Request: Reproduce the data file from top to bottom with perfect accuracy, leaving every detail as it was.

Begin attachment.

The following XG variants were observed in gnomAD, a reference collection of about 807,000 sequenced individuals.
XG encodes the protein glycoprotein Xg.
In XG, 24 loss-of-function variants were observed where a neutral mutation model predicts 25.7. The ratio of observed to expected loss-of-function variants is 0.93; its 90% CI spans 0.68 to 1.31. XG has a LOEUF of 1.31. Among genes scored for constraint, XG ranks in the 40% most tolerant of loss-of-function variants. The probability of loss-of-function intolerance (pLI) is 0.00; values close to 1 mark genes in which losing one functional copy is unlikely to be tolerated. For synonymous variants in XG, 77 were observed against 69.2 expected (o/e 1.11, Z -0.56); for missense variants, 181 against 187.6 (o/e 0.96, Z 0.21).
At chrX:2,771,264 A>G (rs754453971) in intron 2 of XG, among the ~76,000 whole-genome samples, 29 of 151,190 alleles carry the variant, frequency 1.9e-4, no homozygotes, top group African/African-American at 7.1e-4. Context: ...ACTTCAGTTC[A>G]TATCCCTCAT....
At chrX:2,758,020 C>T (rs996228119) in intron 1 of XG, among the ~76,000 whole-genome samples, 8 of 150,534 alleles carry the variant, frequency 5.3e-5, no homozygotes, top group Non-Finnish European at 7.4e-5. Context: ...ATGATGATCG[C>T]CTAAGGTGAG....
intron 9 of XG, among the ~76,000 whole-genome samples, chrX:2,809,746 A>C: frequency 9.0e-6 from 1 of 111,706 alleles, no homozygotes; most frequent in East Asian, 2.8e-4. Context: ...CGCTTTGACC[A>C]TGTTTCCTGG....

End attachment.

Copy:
The following XG variants were observed in gnomAD, a reference collection of about 807,000 sequenced individuals.
XG encodes the protein glycoprotein Xg.
In XG, 24 loss-of-function variants were observed where a neutral mutation model predicts 25.7. The ratio of observed to expected loss-of-function variants is 0.93; its 90% CI spans 0.68 to 1.31. XG has a LOEUF of 1.31. Among genes scored for constraint, XG ranks in the 40% most tolerant of loss-of-function variants. The probability of loss-of-function intolerance (pLI) is 0.00; values close to 1 mark genes in which losing one functional copy is unlikely to be tolerated. For synonymous variants in XG, 77 were observed against 69.2 expected (o/e 1.11, Z -0.56); for missense variants, 181 against 187.6 (o/e 0.96, Z 0.21).
At chrX:2,771,264 A>G (rs754453971) in intron 2 of XG, among the ~76,000 whole-genome samples, 29 of 151,190 alleles carry the variant, frequency 1.9e-4, no homozygotes, top group African/African-American at 7.1e-4. Context: ...ACTTCAGTTC[A>G]TATCCCTCAT....
At chrX:2,758,020 C>T (rs996228119) in intron 1 of XG, among the ~76,000 whole-genome samples, 8 of 150,534 alleles carry the variant, frequency 5.3e-5, no homozygotes, top group Non-Finnish European at 7.4e-5. Context: ...ATGATGATCG[C>T]CTAAGGTGAG....
intron 9 of XG, among the ~76,000 whole-genome samples, chrX:2,809,746 A>C: frequency 9.0e-6 from 1 of 111,706 alleles, no homozygotes; most frequent in East Asian, 2.8e-4. Context: ...CGCTTTGACC[A>C]TGTTTCCTGG....